Dr Aroha Harris from the University of Auckland and independent historian Dr Melissa Williams will examine how Māori families strived for whānau ora (family wellbeing) across the 20th century. They will show how whānau have negotiated with and pushed back against state interventions to maintain family life.
Published 8 November 2018
Māori children have been disproportionately represented among New Zealand children living in state care since the late 1970s. Māori families experienced high levels of state intervention, disempowerment and estrangement, a result of welfare policies critical of whānau structures that differed from the Pākehā nuclear family. National histories identify twentieth-century Māori poverty, abuse, and tribal breakdown as the outcomes of colonisation. Yet the experiences of Māori whānau are often absent in these narratives.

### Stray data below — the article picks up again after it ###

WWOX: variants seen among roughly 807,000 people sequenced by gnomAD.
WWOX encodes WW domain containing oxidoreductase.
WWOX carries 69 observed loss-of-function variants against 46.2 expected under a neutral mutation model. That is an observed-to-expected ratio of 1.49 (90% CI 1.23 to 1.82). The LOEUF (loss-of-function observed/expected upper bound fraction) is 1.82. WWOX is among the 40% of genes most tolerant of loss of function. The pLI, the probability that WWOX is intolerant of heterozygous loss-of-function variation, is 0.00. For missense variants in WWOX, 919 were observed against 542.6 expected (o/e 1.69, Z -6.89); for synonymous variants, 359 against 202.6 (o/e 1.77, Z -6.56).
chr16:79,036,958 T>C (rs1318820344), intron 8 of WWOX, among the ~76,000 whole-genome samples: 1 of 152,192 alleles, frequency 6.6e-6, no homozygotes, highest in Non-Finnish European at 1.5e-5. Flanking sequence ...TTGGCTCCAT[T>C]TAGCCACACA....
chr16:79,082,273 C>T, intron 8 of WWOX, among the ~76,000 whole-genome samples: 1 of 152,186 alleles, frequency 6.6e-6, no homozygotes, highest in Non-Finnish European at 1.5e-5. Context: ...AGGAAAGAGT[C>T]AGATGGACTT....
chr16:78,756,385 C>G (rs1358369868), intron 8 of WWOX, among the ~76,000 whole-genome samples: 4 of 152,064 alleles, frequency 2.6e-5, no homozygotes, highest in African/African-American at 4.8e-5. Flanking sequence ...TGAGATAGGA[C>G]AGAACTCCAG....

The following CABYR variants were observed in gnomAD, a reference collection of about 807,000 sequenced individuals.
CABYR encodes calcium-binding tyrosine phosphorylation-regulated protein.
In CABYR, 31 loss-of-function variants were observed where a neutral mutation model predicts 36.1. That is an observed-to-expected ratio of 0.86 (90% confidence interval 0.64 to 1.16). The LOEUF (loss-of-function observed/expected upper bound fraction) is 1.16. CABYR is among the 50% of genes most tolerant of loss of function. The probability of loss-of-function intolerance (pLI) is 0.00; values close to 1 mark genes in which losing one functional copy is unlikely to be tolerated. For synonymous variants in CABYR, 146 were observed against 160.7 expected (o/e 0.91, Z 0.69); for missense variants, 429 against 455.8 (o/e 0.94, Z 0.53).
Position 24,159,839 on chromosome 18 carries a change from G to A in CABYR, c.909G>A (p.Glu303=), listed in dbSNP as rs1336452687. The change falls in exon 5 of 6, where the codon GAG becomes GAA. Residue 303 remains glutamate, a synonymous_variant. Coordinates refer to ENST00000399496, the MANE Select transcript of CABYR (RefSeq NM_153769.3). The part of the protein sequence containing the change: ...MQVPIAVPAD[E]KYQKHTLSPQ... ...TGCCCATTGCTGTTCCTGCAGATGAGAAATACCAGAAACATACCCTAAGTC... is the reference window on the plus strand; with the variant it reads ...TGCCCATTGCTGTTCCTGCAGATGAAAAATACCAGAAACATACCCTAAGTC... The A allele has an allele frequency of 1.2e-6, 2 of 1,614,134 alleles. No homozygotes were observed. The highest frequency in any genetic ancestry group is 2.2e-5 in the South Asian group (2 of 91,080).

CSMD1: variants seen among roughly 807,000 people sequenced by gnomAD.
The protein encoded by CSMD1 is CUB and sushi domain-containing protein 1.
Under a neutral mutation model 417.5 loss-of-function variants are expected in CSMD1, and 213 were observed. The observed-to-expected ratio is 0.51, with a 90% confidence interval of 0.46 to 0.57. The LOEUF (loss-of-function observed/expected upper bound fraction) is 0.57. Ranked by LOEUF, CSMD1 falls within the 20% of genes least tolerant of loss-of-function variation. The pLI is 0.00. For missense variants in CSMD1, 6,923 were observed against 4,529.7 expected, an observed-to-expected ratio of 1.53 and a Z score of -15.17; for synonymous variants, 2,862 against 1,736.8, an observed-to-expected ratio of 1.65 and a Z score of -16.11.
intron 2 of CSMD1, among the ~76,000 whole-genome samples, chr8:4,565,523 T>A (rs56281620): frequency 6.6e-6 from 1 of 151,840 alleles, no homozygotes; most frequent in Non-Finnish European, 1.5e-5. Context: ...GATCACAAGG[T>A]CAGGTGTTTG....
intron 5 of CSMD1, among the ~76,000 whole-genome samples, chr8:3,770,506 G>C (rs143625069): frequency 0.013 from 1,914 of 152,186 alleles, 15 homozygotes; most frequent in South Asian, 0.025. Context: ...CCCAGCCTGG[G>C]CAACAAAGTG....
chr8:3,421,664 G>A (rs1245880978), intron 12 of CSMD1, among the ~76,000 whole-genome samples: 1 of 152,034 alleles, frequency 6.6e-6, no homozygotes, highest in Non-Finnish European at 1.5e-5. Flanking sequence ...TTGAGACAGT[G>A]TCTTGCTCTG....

In this Marsden Fund project, Dr Aroha Harris from the University of Auckland and Dr Melissa Williams will explore how Māori held onto their aspirations for whānau ora while engaging with – or resisting – the twentieth-century welfare state. They will focus on the stories of the women, children and their families who directly faced Māori welfare policies. The team will combine oral histories of whānau with archival research into the roles of Māori nurses and welfare reformists to challenge accounts of Māori as hapless victims or resistant recipients of state services.
The project engages with ongoing contemporary concerns around poverty, incarceration, health and family wellbeing. It is expected to uncover positive models of Māori community resourcefulness, resilience and innovation under the socio-economic pressures of the modern century.